**1/2 (out of four)
Obviously, the timing isn’t great for a movie about Democrats duking it out for their party’s presidential nomination. And the secrets that leak out during “The Ides of March” certainly have been temporarily withheld many times before in real-life campaigns with stakes far higher than Academy award potential.
Yet the remaining potency of this political drama from director/co-writer/co-star/future presidential candidate (?) George Clooney comes from its sobering look at the futility of idealism in a world that never fights fair. Adapted from the play “Farragut North” by Beau Willimon, the plot about a governor (Clooney), his press secretary (Ryan Gosling), the campaign manager (Philip Seymour Hoffman) and the intern (Evan Rachel Wood) is very Clinton-era, but the film’s frustrated disillusionment is pure Obamanation.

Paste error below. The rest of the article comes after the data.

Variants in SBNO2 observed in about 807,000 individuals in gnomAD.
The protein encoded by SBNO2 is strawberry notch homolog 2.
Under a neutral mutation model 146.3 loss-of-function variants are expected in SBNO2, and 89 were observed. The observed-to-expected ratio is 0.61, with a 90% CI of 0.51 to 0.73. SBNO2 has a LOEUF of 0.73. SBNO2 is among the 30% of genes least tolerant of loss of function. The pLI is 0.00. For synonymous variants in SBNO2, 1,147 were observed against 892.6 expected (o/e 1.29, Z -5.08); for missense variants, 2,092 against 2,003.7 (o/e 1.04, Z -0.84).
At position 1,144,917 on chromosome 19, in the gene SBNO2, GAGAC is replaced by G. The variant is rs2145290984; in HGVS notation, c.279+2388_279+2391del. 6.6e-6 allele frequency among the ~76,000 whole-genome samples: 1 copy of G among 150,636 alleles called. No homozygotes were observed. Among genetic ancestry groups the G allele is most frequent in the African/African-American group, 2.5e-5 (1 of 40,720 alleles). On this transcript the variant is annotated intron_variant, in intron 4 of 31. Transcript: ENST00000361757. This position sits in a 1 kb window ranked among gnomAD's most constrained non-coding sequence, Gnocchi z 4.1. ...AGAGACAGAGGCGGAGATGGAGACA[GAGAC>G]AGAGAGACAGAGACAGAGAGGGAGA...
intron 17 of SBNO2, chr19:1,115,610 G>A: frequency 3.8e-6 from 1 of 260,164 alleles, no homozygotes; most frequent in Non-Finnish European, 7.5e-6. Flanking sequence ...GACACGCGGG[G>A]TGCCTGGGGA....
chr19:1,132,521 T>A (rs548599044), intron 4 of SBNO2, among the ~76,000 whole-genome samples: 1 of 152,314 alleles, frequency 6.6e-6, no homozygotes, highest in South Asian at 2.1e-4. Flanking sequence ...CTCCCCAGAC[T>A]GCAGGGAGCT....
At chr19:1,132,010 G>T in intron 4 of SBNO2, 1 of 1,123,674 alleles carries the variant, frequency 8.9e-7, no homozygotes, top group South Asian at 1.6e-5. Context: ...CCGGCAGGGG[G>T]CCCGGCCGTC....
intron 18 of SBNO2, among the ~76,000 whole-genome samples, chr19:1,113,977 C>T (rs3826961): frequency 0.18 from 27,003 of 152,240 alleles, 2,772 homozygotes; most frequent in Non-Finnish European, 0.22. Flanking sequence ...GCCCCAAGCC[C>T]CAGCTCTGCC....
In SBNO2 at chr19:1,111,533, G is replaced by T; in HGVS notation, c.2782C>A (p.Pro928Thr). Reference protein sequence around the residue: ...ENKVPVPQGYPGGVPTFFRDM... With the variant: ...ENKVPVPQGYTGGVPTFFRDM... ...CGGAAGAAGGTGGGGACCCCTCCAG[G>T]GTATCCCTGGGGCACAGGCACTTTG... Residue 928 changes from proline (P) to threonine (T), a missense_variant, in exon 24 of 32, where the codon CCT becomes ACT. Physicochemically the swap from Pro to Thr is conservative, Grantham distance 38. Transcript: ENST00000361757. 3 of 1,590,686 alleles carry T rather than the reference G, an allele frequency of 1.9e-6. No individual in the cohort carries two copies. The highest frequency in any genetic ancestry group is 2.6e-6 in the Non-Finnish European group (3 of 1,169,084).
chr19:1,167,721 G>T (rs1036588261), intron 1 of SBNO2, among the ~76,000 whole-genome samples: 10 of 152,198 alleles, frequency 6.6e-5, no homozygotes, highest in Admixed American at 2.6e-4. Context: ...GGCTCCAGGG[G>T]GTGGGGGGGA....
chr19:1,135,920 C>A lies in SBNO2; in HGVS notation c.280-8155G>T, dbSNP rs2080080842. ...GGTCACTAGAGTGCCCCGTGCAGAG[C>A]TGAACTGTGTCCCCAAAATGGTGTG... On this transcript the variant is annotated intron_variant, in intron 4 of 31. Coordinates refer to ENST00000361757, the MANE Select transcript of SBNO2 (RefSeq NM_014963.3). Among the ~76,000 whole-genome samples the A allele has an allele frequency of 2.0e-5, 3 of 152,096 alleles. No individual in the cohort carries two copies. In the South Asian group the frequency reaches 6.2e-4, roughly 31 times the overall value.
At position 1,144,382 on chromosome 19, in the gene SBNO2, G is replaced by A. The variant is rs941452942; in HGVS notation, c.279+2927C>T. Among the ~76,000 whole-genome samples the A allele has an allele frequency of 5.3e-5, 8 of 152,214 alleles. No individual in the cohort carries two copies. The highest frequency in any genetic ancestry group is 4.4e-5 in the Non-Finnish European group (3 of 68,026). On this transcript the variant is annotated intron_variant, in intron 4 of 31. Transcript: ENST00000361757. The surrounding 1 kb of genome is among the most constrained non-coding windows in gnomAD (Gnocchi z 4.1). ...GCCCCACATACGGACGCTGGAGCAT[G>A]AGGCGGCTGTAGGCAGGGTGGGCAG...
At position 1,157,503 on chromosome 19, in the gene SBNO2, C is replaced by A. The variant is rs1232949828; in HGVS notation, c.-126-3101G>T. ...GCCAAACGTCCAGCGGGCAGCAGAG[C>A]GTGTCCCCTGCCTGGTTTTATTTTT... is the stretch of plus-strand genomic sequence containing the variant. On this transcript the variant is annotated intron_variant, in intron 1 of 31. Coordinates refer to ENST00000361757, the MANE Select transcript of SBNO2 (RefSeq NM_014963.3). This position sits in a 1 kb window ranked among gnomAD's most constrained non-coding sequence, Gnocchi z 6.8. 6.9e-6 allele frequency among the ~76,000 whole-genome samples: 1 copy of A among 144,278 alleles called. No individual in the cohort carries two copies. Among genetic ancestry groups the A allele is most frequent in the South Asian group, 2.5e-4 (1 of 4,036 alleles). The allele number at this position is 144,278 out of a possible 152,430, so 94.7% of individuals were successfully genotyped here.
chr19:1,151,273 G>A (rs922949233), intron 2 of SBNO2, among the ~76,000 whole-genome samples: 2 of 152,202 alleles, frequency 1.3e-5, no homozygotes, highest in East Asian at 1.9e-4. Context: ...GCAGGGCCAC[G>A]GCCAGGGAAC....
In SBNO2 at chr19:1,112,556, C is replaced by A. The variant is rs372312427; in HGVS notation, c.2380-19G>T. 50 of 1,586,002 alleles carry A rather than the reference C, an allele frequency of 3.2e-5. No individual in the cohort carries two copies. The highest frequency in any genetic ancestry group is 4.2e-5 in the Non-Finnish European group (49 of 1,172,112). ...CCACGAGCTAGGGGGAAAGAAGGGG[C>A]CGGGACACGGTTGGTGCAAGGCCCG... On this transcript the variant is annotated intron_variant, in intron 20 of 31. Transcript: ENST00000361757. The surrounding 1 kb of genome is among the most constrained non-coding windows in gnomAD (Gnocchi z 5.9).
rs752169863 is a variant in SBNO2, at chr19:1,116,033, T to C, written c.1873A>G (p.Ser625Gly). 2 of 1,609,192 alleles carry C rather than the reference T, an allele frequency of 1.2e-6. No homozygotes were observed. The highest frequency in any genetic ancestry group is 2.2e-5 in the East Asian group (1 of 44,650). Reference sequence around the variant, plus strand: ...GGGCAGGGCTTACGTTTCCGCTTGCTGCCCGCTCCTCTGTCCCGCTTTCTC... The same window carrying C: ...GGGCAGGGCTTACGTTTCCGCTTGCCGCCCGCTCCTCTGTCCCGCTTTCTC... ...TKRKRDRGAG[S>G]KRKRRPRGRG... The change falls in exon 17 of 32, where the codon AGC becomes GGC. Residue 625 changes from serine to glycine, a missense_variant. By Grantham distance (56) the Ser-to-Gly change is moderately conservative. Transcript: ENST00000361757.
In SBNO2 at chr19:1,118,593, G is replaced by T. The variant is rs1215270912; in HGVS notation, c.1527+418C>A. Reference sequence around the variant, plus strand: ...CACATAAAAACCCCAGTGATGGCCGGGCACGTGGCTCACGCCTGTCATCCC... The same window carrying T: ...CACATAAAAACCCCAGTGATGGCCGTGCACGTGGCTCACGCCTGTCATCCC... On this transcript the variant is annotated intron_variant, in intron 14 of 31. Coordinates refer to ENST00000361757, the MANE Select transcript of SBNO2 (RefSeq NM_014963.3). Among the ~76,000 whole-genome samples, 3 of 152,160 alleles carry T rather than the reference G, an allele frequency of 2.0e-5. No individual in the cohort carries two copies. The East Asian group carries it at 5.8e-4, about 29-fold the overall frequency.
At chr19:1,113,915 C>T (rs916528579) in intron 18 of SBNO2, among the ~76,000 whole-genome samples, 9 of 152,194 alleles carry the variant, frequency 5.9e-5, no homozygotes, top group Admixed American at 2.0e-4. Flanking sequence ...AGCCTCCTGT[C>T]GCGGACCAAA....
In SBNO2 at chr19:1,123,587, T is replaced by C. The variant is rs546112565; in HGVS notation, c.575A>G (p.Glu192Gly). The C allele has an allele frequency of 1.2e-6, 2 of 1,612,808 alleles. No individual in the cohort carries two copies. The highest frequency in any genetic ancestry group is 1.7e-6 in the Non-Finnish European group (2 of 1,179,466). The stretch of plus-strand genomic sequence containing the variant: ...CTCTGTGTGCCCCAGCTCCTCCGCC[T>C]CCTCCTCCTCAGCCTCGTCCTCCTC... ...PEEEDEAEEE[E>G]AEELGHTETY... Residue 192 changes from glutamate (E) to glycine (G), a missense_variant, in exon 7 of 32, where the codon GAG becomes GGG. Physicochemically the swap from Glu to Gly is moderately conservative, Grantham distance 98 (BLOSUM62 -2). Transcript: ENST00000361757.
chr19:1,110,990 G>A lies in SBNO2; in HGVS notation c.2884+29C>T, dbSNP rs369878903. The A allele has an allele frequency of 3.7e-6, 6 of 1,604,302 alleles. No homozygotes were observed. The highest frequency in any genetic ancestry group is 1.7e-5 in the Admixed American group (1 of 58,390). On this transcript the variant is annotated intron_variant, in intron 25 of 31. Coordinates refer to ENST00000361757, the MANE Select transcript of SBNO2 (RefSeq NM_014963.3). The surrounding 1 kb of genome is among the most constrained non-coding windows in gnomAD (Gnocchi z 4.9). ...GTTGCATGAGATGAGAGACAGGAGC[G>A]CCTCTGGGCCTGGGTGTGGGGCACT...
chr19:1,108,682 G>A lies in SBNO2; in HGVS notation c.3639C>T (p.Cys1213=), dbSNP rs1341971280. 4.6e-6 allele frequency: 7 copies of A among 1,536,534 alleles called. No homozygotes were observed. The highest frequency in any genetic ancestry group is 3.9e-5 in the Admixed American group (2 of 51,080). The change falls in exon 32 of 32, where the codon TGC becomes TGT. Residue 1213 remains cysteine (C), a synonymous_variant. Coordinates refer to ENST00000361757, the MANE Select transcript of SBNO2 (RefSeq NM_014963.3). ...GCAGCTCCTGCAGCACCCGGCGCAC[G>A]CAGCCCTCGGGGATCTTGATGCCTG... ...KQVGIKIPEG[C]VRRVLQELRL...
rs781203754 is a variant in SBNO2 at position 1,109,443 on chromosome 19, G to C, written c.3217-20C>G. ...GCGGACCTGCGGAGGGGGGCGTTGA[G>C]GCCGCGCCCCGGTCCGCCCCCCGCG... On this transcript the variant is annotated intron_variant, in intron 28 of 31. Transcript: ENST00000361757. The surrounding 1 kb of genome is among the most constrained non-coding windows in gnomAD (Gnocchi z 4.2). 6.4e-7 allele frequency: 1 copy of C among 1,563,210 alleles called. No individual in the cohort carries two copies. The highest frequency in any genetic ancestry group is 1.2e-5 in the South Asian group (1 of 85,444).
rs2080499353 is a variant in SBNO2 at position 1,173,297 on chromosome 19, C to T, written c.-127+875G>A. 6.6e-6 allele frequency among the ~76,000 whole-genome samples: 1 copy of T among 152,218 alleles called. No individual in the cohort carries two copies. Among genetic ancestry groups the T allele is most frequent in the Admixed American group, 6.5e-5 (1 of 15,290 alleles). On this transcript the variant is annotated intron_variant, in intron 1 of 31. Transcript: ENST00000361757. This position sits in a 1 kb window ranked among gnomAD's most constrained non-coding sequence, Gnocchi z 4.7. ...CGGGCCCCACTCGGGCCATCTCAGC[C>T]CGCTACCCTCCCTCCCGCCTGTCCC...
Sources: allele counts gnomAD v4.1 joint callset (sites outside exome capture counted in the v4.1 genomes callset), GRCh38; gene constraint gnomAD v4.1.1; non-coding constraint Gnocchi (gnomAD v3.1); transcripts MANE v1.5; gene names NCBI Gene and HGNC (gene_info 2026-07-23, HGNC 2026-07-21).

The loaded cast is like a crew trying to stare “Contagion” in the face and gloat, “What, you call those movie stars?” Paul Giamatti, Marisa Tomei and Jeffrey Wright add plenty of weight to “March,” and Clooney makes the most of his salt-and-pepper likability in what’s ultimately a small part. In many ways the show belongs to Gosling, Hoffman and Wood, and the crackling performances help counteract the story’s familiarity.
This is a movie about people who each draw lines in the sand in a different place, yet everyone compromises in ways they never thought they would. “Politicians Fight Dirty” isn’t front page news, and a certain level of naivete (or just arrogance) is necessary for these characters to get into the sticky situation that develops. But a convincing demonstration of the difference between change-based rhetoric and status-quo behavior can’t help but feel sadly relevant.
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